Full Moon vol 25: The Ritual Bath

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Ah, rain! Finally, the monsoon has begun in India, after months of relentless fiery heat. However, due to climate change, the rainfall this year is significantly less than usual in many areas, and there’s a risk of drought.

Water is a dominant theme in the month of Jyeṣṭha. A few days ago in the north, there was a big celebration for Gaṅgā, the holiest of holy rivers, marking the day she descended to earth from the heavens to wash away our adharmic karma, i.e. anything we did that was out of alignment. The river is worshipped as an embodiment of compassion and grace.

In the east, on Pūrṇimā, the full moon, they are celebrating the ritual of deva-snāna, where the icons of the major deities (in particular at the Jagannath temple) are given a ceremonial bath. And all over India, people and animals are soaking up rain, thankful for fresh water and a respite from the scorching heat. [N.B. There is one more holiday associated with this full moon – Sāvitrī-vrata, which is a day of fasting and sacred practice that wives can perform to invoke protection and a healthy life for their beloveds.]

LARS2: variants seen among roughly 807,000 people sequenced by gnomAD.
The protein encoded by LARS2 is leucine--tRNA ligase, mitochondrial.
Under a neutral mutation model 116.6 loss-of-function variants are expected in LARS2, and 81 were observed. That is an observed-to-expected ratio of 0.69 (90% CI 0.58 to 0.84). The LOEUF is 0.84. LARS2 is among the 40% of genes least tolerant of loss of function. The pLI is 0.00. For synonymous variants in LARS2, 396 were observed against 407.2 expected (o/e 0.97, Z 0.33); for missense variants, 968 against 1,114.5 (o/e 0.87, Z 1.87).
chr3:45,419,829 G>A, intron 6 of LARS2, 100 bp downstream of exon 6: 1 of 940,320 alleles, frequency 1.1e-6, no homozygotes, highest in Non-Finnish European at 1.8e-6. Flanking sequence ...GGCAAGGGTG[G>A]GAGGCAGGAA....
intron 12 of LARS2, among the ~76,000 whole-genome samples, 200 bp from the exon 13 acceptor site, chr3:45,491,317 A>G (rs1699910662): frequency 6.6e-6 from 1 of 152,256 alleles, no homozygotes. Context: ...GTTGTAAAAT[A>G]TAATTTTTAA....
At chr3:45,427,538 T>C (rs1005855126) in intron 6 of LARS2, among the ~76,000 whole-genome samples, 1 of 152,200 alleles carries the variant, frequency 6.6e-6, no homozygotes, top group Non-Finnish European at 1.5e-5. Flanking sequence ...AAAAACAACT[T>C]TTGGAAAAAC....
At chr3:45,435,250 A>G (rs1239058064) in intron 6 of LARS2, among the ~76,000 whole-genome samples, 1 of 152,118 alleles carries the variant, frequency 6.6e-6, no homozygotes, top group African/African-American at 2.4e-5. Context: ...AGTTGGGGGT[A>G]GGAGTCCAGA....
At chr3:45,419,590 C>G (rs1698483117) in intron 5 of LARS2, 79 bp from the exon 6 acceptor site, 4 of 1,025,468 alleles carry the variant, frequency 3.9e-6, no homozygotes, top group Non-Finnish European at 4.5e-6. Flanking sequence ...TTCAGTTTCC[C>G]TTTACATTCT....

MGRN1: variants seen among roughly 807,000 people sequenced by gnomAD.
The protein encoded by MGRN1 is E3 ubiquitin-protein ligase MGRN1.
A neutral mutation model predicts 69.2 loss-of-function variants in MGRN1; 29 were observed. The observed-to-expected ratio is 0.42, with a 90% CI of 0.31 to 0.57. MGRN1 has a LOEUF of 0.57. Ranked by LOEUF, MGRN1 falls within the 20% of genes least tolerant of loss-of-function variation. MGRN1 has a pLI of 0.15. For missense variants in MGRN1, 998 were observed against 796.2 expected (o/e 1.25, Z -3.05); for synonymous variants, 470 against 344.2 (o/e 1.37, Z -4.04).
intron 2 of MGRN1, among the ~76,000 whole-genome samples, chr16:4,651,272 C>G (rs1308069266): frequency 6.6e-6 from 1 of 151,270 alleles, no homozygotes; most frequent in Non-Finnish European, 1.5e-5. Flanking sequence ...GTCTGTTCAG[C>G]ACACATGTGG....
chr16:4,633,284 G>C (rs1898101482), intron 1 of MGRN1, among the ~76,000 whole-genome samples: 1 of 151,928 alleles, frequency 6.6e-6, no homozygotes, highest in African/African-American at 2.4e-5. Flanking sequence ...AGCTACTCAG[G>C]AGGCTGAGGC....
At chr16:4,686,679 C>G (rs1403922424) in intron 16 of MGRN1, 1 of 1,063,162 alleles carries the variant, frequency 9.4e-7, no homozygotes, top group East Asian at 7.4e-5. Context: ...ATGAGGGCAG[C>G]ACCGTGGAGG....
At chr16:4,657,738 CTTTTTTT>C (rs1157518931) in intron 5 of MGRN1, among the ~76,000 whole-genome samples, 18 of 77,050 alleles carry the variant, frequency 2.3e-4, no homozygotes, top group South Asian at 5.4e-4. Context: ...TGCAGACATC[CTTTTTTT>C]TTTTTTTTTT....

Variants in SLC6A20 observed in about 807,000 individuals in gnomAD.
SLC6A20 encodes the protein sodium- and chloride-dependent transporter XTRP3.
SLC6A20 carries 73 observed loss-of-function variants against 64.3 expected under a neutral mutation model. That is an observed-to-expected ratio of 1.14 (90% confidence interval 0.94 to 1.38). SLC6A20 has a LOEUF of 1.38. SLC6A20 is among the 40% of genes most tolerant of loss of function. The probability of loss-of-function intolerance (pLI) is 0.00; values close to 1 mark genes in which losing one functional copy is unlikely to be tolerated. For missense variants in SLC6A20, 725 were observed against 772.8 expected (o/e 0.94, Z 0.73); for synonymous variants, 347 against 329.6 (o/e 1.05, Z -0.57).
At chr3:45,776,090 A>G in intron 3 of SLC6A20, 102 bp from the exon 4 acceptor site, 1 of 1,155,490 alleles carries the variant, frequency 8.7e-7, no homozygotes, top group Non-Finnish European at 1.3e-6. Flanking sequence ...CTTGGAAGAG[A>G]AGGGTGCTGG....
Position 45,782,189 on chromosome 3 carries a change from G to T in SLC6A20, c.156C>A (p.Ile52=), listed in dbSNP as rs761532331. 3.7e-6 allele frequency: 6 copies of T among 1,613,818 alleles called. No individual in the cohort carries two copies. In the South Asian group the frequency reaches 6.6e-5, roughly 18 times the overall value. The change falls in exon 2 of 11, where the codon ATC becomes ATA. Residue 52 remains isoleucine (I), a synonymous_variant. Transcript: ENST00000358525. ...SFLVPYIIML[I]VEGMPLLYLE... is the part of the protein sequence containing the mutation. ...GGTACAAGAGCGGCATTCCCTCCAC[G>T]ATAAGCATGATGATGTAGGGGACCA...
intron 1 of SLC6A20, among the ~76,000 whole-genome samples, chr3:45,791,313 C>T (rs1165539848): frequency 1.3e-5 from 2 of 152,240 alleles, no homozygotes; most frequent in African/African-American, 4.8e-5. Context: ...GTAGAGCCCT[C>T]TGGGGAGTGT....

It’s also the last major day for ritual bathing in holy waters for four months (the period known as caturmāsa) until after the rains subside. Bathing is a major practice within the tradition, and is utilized in everything from our daily practices to worship ceremonies to meditative visualizations.

There are two basic ways to clean and purify something: to wash it, or to put it through fire. The former is far gentler and more nourishing. Water – especially fresh flowing water – sustains all of life, and is sacred in every form. In some sense, to offer water, to wash with water, is to replenish and renew life itself.

There’s a long history of ritual bathing that goes back thousands of years to the Vedic tradition. The tradition recommends bathing first thing every morning, normally before spiritual practice or performing any other task. In the old days, when people mostly lived and bathed near rivers, they would also use that time to repeat their morning mantras, and offer salutations to the sun and to the earth. Even today, and even in urban cities, you can see – and hear! – people bathing outdoors, loudly singing their morning prayers.

People would also bathe after using the toilet, especially after a bowel movement. This both reduces the risk of infection, but also allows you to refresh and renew yourself after releasing unwanted substances and energy. Of course, this also meant that you might end up bathing 2-3 times a day. And this is still normal in some parts, assuming that there’s enough water in the region and no drought, etc. Most of all though, it’s a measure of how large a value is placed on impeccable cleanliness throughout the tradition.